2

Well, even some less-experienced bash users would know meanwhile about the fact that bash arrays would always start with index 0. However, select will always do its own thing, as the following example shows:

#!/bin/bash
choices=(NONE nyc la chicago little_rock miami)

select choice in ${choices[@]}; do
  [[ " ${choices[*]} " == *" $choice "* ]] && break
done
echo "Choice was: $choice ; first element is ${choices[0]}"

Output is:

1) NONE
2) nyc
... etc. ...

BUT ${choices[0]} will output 'NONE' nonetheless! So I feel that somehow there must be a way to force select to start with index 0, not 1.

(Should anyone question the deeper sense of this: there actually is, especially when you have to skip processing frequently (ideally set as '0' in the menu) with more than 9 options and, for convenience's sake, you would put the least-used option as '10' so you may only have to type a single digit in almost every case.)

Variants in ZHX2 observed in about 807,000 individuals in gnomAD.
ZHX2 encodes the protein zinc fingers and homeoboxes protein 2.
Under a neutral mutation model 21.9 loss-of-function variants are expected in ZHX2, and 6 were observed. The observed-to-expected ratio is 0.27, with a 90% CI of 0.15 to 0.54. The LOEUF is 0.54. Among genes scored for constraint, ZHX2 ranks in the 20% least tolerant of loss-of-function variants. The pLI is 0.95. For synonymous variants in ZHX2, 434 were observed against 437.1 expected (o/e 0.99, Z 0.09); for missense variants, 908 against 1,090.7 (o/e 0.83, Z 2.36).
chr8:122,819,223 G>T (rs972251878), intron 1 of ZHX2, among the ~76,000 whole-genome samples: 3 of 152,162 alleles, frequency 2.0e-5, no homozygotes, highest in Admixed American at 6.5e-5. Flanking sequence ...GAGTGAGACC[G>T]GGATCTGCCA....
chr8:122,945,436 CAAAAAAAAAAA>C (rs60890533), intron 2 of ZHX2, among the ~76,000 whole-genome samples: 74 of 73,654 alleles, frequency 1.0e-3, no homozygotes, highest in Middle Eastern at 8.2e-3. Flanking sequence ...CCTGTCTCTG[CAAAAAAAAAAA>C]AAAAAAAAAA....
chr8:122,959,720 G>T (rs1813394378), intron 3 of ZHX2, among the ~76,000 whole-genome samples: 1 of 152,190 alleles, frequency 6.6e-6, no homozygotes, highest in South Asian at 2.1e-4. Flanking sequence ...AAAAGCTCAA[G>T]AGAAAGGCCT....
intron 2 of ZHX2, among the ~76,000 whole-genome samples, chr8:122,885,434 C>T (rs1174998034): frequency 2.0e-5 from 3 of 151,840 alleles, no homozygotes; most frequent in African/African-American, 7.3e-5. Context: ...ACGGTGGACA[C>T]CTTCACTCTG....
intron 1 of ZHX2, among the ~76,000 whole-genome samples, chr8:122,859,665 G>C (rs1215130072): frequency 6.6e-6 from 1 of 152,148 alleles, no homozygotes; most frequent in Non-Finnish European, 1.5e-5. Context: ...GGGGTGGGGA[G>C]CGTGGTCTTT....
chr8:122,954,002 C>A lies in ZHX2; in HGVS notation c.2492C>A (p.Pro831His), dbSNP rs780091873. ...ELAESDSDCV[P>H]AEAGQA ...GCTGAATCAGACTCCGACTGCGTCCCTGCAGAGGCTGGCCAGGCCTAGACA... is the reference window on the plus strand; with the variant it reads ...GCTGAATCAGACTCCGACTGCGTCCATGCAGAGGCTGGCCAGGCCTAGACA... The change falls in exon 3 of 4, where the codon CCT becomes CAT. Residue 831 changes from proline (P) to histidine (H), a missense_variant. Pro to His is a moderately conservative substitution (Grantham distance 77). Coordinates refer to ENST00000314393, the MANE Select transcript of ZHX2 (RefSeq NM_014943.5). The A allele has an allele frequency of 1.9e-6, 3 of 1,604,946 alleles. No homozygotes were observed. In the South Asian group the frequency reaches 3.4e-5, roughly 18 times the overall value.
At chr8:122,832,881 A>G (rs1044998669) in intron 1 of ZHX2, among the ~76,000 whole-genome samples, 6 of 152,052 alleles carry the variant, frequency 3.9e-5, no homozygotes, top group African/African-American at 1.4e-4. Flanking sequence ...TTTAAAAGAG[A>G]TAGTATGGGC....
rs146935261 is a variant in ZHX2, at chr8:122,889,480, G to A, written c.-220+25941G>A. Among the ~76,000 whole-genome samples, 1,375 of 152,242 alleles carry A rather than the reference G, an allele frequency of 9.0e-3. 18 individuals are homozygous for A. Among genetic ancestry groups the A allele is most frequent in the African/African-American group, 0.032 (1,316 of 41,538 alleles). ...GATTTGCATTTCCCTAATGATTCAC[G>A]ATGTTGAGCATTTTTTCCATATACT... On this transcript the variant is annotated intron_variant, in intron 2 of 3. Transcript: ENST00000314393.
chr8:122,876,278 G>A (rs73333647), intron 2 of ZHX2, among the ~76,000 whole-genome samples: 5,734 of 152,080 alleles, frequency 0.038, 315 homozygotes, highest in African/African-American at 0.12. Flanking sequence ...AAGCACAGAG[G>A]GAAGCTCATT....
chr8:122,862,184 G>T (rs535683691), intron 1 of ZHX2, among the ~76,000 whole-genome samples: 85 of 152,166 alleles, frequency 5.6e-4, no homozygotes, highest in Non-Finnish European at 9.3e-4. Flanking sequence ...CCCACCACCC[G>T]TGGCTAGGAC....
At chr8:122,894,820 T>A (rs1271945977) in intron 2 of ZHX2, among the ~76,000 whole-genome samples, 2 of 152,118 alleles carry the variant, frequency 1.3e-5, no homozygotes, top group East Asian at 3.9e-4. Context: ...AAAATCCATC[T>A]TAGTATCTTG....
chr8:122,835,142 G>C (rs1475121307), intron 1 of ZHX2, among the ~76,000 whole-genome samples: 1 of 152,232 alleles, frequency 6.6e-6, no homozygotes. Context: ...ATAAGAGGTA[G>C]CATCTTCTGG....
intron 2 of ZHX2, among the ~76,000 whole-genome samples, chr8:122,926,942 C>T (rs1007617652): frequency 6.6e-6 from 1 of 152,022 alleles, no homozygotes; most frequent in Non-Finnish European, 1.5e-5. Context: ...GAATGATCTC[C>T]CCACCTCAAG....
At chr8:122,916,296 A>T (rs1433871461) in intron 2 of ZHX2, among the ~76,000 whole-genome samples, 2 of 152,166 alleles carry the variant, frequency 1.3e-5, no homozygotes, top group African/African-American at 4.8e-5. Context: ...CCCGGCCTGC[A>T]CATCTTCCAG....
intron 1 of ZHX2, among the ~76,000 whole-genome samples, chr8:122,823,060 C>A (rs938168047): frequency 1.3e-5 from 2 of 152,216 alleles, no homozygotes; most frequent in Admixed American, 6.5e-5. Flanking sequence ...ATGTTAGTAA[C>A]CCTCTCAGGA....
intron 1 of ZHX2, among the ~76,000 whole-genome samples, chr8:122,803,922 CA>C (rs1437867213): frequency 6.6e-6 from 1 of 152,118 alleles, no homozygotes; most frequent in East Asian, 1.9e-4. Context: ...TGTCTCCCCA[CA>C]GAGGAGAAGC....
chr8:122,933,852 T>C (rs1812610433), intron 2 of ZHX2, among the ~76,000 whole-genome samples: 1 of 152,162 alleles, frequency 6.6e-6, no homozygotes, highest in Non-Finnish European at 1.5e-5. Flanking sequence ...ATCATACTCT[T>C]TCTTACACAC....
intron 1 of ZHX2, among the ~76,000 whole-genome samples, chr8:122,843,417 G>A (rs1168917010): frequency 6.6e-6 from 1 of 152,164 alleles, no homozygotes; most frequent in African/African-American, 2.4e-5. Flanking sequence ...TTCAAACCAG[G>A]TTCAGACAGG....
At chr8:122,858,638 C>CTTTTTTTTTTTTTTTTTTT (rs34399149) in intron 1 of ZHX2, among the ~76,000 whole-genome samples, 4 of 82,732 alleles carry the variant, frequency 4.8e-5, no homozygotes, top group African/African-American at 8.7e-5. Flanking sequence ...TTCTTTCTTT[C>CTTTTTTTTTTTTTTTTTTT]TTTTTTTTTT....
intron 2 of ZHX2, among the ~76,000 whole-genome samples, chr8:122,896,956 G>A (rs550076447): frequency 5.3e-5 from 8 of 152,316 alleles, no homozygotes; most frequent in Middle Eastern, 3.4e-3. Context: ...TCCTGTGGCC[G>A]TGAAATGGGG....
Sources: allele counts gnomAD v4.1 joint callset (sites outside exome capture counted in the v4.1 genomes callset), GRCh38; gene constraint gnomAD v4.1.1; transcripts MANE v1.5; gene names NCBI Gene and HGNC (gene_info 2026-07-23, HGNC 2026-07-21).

1

There is no option to change the base of the menu's displayed item number. You mention in your question, "..even some less-experienced bash users would know (about) ... index 0".

Yes, that is correct, but the select menu was not devised for bash users (read "programmers") - It was intended for end-users (pre GUI era) who would typically not know (or care) anything about bash. Being comfortable with a zero based list is a programmer's thing (hence your preference), but it is definitely not something an end-user is used to, at all.

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